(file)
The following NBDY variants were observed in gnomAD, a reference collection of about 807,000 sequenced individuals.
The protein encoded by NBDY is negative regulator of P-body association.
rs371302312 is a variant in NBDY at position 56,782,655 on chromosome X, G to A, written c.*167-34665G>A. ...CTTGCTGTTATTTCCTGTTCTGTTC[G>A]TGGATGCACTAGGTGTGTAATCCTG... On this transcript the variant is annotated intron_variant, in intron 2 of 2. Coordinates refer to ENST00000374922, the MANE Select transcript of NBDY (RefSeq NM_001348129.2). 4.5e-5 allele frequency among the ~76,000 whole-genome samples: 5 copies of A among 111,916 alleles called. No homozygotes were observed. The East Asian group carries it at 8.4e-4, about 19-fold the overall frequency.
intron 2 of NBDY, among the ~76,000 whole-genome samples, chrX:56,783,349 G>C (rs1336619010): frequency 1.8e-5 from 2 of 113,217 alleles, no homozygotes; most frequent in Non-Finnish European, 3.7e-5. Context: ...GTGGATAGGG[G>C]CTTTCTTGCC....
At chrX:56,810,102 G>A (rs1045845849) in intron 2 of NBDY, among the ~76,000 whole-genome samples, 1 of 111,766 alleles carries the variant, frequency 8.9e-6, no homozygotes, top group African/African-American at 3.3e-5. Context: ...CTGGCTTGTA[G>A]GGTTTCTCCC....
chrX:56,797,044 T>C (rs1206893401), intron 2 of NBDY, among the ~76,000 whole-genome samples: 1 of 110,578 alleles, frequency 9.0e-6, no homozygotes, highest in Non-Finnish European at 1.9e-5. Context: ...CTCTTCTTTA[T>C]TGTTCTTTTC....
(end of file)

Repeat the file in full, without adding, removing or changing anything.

The following NBDY variants were observed in gnomAD, a reference collection of about 807,000 sequenced individuals.
The protein encoded by NBDY is negative regulator of P-body association.
rs371302312 is a variant in NBDY at position 56,782,655 on chromosome X, G to A, written c.*167-34665G>A. ...CTTGCTGTTATTTCCTGTTCTGTTC[G>A]TGGATGCACTAGGTGTGTAATCCTG... On this transcript the variant is annotated intron_variant, in intron 2 of 2. Coordinates refer to ENST00000374922, the MANE Select transcript of NBDY (RefSeq NM_001348129.2). 4.5e-5 allele frequency among the ~76,000 whole-genome samples: 5 copies of A among 111,916 alleles called. No homozygotes were observed. The East Asian group carries it at 8.4e-4, about 19-fold the overall frequency.
intron 2 of NBDY, among the ~76,000 whole-genome samples, chrX:56,783,349 G>C (rs1336619010): frequency 1.8e-5 from 2 of 113,217 alleles, no homozygotes; most frequent in Non-Finnish European, 3.7e-5. Context: ...GTGGATAGGG[G>C]CTTTCTTGCC....
At chrX:56,810,102 G>A (rs1045845849) in intron 2 of NBDY, among the ~76,000 whole-genome samples, 1 of 111,766 alleles carries the variant, frequency 8.9e-6, no homozygotes, top group African/African-American at 3.3e-5. Context: ...CTGGCTTGTA[G>A]GGTTTCTCCC....
chrX:56,797,044 T>C (rs1206893401), intron 2 of NBDY, among the ~76,000 whole-genome samples: 1 of 110,578 alleles, frequency 9.0e-6, no homozygotes, highest in Non-Finnish European at 1.9e-5. Context: ...CTCTTCTTTA[T>C]TGTTCTTTTC....